Feathered Friendship

Since last year, I've been following a blogger who talks with his chickens. I've no problem with that – I have discussions with the family's dogs (mainly about whether it's feeding time yet – they're a pragmatic bunch) but back when we were between dogs I've been known to talk to fish in the fish tank … Continue reading Feathered Friendship

The Pond People – 2

Continuing the Mirlings' story. (Find part 1 here.) Something streaked past Molly, washing her aside and propelling the goldfish into the cover of reeds. The cat’s paw rose empty through the water. The bright blur swooped into a somersault before slowing to become an orange-and-black mirling. He landed with a flourish in front of Grandad … Continue reading The Pond People – 2

Mothers, Have Mercy On Us All

drip with ripples

Mercy – one of those words that has shades of meaning.
This poem by Carol J Forrester struck a chord with me. I hope you like it too.

Writing and Works

Is there a quota for mercy?

Do they give it to the younger angels,

take their hands on clear mornings,

and steer them to the edges of clouds

where they can peer over the banks

into the depths of blue beneath.

All our little prayers bubbling up

to be popped by small celestial palms

crumb dusted from the mercy

their mothers have parcelled out

so they can toss it to the mortals below.

And do some of us know the places

to stand on those clear mornings

where the young ones chatter

and rustle their down like tissue.

Which ones crumble mercy to dust

so it falls evenly and ripples far,

the others who wodge their palms

into pebbles that punch through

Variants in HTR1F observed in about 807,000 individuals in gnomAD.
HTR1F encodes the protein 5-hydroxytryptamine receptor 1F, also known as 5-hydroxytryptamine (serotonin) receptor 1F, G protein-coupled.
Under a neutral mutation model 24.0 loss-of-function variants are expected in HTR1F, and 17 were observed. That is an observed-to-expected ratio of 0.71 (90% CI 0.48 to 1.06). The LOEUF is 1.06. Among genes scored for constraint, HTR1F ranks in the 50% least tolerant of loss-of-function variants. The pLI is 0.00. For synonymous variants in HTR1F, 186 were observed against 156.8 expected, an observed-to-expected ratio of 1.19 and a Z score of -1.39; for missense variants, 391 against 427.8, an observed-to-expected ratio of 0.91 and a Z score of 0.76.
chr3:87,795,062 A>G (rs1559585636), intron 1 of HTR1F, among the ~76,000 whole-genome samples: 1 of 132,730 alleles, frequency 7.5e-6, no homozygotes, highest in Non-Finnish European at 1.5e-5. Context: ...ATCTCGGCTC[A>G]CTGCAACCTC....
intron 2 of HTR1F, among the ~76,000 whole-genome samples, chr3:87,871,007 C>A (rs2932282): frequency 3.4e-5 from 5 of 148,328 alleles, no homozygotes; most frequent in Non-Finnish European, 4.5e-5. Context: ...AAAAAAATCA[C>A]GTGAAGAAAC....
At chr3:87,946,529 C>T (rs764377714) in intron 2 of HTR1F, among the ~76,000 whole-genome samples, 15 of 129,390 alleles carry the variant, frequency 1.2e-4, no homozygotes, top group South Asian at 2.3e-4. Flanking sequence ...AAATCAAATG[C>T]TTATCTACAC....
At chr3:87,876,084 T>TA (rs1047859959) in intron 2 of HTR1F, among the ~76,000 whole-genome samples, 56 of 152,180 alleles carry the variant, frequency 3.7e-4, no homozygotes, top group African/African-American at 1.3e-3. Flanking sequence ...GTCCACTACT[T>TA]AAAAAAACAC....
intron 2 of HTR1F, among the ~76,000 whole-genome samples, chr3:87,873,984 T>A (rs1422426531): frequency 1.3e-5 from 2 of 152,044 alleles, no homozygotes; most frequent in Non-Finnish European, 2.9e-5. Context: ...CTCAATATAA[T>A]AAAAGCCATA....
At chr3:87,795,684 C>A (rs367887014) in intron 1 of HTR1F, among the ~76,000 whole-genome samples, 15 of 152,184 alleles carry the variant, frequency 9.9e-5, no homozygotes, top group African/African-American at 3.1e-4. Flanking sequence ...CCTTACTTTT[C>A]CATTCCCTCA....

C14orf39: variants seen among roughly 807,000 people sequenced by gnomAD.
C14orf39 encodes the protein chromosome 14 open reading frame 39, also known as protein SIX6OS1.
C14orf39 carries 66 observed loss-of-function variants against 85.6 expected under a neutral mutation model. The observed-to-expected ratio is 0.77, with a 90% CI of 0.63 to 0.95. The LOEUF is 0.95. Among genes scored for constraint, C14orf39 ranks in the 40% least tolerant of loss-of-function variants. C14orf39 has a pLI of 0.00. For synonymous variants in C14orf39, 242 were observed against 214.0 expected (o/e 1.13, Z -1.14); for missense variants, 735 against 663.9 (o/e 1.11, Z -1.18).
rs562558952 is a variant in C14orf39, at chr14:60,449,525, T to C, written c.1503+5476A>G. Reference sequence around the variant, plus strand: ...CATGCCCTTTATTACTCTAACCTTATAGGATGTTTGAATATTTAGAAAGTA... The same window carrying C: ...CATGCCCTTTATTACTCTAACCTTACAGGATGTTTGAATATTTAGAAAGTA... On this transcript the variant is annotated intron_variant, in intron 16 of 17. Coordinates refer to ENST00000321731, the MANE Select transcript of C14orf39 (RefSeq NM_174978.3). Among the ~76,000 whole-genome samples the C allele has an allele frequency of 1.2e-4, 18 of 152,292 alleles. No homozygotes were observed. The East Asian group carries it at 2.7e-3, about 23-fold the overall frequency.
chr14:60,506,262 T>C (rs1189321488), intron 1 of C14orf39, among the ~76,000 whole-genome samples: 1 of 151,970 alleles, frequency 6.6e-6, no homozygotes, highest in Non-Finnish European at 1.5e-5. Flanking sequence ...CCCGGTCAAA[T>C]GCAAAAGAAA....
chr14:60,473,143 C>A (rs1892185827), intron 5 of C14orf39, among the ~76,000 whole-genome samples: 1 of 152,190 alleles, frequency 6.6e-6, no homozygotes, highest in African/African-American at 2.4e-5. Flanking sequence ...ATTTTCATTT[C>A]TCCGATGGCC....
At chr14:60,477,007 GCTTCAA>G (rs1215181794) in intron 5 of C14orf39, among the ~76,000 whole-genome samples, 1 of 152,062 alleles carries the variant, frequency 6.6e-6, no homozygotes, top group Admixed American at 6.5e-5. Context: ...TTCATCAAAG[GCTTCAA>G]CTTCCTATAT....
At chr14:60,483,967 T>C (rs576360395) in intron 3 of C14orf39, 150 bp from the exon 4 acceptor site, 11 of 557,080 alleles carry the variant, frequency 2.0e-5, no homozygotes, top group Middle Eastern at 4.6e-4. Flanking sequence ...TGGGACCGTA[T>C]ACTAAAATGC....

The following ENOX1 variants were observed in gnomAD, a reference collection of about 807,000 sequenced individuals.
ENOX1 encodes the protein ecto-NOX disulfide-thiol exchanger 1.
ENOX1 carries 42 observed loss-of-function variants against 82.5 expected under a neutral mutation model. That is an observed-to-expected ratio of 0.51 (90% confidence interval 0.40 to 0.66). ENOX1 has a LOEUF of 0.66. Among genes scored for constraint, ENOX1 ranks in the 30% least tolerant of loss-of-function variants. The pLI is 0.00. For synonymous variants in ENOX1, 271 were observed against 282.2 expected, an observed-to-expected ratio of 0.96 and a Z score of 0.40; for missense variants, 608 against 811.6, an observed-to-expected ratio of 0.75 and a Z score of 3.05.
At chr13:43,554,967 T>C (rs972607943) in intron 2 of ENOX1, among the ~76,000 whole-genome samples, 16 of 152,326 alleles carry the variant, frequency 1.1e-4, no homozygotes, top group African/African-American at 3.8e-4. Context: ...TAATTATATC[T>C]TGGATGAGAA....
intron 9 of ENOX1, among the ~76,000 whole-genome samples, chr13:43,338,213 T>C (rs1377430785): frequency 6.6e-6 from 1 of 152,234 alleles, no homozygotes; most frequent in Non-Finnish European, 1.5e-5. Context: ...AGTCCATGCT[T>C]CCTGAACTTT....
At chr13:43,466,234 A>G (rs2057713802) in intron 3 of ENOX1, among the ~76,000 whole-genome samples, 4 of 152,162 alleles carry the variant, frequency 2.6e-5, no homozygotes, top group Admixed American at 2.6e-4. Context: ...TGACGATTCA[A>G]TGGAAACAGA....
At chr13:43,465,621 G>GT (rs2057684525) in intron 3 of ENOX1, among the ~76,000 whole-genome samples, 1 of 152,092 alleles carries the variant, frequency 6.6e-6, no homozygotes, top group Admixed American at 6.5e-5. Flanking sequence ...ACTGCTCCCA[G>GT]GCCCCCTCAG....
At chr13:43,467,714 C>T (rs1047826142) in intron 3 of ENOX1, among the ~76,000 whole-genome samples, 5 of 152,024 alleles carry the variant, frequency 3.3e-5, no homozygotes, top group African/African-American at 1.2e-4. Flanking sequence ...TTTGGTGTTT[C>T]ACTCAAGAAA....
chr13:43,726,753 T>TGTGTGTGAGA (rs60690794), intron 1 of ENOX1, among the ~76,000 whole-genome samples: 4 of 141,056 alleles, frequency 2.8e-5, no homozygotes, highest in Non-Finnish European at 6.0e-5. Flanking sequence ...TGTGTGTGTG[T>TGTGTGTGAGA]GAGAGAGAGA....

but settle far too soon.

Who’s voice calls them home.


Mary Mother of God have mercy, mercy on us all

Vertigo & Ghosts by Fiona Benson

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January – the longest month

January always seems the longest month of the year. Maybe it's because Christmas is like the culmination of December. The days after it finally arrives are filled with family catch-ups and travel between bases, and then there's New Year's Eve. By the time we settle back into "normality," it already seems an age since the … Continue reading January – the longest month

A cracker of an idea for Christmas

More about Christmas Crackers from Cabbieblog.com.


It’s the question soon to be asked at every table in Britain “Shall we pull the crackers before, or after dinner?”

This curious tradition of pulling on a roll of coloured paper was invented in London 165 years ago by Tom Smith.

Starting work at an ornamental confectioner’s Tom would experiment on producing more sophisticated designs of wedding cake decorations than was being sold by his employers. It wasn’t long before he branched out on his own setting up a business in Goswell Road producing confectionery products. Travelling widely in 1840 on a trip to Paris he discovered the ‘’Bon Bon’, a sugared almond wrapped in a twist of tissue paper. This simple confection which proved popular in London at Christmas would evolve into the cracker we know today.

His next improvement to the French ‘Bon Bon’ was to wrap a small love motto inside the tissue paper as a…

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A Story for Christmas

Christmas Presence Griller scrambled over the top of the skip and landed beside Shorty among the scrap. Dislodged rubbish splashed into puddles far beneath them. Footsteps pounded along the alley. They returned slowly. The blue lights flashing above them were turned off and the police car left. The alley was quiet apart from the scurrying … Continue reading A Story for Christmas

Shameless Plug for Witch Way

My first copy of Witch Way has finally arrived. I didn't order a proof copy. The one we ordered for Where the Wild Winds Blow came with a grey band printed around the cover, saying "Not for Resale", which kinda spoils the effect. For A Following Wind we ordered an author copy instead, which costs … Continue reading Shameless Plug for Witch Way